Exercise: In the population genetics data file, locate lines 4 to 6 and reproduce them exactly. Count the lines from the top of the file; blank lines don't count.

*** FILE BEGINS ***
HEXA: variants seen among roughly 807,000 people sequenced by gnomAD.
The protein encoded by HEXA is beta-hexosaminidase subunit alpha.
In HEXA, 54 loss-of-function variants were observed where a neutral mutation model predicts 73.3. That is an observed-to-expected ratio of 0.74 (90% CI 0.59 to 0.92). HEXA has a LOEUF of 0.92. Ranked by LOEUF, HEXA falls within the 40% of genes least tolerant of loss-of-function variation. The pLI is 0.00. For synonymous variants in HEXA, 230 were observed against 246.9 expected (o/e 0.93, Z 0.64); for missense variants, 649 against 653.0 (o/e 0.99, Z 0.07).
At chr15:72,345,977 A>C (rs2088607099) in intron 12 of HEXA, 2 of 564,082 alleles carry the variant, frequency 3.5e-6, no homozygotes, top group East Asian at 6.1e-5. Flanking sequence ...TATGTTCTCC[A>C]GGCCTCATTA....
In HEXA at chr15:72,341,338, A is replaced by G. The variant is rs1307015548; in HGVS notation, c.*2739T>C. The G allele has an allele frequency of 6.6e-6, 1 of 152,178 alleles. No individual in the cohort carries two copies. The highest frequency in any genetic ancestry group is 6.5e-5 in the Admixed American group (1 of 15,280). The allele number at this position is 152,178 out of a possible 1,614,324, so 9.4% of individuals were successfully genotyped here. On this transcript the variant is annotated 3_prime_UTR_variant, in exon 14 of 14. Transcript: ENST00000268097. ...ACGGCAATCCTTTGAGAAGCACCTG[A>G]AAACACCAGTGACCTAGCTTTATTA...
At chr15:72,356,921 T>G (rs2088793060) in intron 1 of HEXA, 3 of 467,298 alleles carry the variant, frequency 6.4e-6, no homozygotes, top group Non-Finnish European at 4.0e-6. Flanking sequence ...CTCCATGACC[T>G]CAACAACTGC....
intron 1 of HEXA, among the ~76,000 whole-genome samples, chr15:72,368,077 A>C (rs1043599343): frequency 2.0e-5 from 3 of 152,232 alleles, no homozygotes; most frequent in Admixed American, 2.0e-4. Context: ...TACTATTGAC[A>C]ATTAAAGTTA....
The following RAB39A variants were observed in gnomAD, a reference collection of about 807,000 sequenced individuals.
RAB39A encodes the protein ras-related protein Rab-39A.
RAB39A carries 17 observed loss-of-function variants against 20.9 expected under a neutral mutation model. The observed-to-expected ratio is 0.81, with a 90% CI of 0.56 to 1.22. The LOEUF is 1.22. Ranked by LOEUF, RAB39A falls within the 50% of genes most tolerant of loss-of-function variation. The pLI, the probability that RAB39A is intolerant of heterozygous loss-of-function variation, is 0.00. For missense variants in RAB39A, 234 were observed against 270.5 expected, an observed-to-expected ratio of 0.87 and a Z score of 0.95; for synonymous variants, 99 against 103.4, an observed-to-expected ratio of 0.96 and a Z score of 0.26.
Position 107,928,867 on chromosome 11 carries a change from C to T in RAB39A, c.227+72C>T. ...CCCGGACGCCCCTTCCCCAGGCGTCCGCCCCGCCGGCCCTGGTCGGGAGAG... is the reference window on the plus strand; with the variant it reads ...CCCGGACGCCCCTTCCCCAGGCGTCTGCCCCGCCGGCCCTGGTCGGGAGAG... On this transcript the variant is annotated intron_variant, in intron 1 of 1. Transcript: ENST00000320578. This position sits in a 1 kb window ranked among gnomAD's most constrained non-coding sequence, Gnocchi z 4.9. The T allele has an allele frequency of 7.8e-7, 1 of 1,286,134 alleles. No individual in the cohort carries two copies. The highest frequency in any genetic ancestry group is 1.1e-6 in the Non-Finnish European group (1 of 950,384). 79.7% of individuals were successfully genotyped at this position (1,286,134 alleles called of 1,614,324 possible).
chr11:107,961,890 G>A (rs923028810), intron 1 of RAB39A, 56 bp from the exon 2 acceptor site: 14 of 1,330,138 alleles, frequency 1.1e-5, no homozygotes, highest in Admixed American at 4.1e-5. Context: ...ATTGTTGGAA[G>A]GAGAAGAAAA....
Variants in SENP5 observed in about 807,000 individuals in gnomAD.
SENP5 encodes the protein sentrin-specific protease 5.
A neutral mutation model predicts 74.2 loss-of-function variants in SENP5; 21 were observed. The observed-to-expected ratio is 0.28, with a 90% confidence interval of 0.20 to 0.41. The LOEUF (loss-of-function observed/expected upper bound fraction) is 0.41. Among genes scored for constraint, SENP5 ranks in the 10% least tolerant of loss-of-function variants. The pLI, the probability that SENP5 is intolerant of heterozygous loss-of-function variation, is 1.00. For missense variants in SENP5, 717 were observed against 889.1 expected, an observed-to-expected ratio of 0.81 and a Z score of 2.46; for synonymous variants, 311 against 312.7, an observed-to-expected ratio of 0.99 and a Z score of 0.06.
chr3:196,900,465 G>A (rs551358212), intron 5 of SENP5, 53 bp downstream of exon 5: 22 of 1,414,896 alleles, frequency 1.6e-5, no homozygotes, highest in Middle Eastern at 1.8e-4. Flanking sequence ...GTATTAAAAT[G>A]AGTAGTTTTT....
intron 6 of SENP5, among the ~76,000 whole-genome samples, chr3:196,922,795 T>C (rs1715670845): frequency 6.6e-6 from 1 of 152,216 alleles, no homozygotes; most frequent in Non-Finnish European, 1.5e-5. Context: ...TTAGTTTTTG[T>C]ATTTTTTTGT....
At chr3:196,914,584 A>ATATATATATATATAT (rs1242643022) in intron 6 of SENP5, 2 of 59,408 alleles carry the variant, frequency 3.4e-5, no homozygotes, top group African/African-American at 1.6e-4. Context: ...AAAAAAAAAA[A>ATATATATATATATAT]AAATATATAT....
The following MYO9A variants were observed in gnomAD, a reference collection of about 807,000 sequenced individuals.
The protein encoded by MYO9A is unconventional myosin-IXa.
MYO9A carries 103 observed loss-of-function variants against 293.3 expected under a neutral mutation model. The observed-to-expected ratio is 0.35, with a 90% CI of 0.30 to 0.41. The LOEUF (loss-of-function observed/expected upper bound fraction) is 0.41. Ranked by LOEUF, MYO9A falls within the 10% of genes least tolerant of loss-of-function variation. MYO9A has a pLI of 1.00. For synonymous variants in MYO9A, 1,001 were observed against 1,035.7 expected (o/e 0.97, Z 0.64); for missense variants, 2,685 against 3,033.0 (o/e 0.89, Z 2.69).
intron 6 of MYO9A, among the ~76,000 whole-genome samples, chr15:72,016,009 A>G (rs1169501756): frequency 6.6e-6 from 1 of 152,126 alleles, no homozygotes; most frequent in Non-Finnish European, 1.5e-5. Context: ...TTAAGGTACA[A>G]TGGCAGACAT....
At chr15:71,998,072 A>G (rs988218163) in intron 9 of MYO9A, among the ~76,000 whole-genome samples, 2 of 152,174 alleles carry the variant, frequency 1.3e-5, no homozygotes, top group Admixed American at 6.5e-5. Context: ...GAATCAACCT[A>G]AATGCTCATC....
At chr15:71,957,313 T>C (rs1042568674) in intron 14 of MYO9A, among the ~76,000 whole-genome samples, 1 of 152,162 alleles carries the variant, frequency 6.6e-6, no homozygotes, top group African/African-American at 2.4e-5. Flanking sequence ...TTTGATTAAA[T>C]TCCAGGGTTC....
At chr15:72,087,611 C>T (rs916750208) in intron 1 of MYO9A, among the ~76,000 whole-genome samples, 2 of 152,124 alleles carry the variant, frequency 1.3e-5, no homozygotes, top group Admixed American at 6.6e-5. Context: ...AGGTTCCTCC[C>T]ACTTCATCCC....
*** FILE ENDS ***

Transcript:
At chr15:72,345,977 A>C (rs2088607099) in intron 12 of HEXA, 2 of 564,082 alleles carry the variant, frequency 3.5e-6, no homozygotes, top group East Asian at 6.1e-5. Flanking sequence ...TATGTTCTCC[A>C]GGCCTCATTA....
In HEXA at chr15:72,341,338, A is replaced by G. The variant is rs1307015548; in HGVS notation, c.*2739T>C. The G allele has an allele frequency of 6.6e-6, 1 of 152,178 alleles. No individual in the cohort carries two copies. The highest frequency in any genetic ancestry group is 6.5e-5 in the Admixed American group (1 of 15,280). The allele number at this position is 152,178 out of a possible 1,614,324, so 9.4% of individuals were successfully genotyped here. On this transcript the variant is annotated 3_prime_UTR_variant, in exon 14 of 14. Transcript: ENST00000268097. ...ACGGCAATCCTTTGAGAAGCACCTG[A>G]AAACACCAGTGACCTAGCTTTATTA...
At chr15:72,356,921 T>G (rs2088793060) in intron 1 of HEXA, 3 of 467,298 alleles carry the variant, frequency 6.4e-6, no homozygotes, top group Non-Finnish European at 4.0e-6. Flanking sequence ...CTCCATGACC[T>G]CAACAACTGC....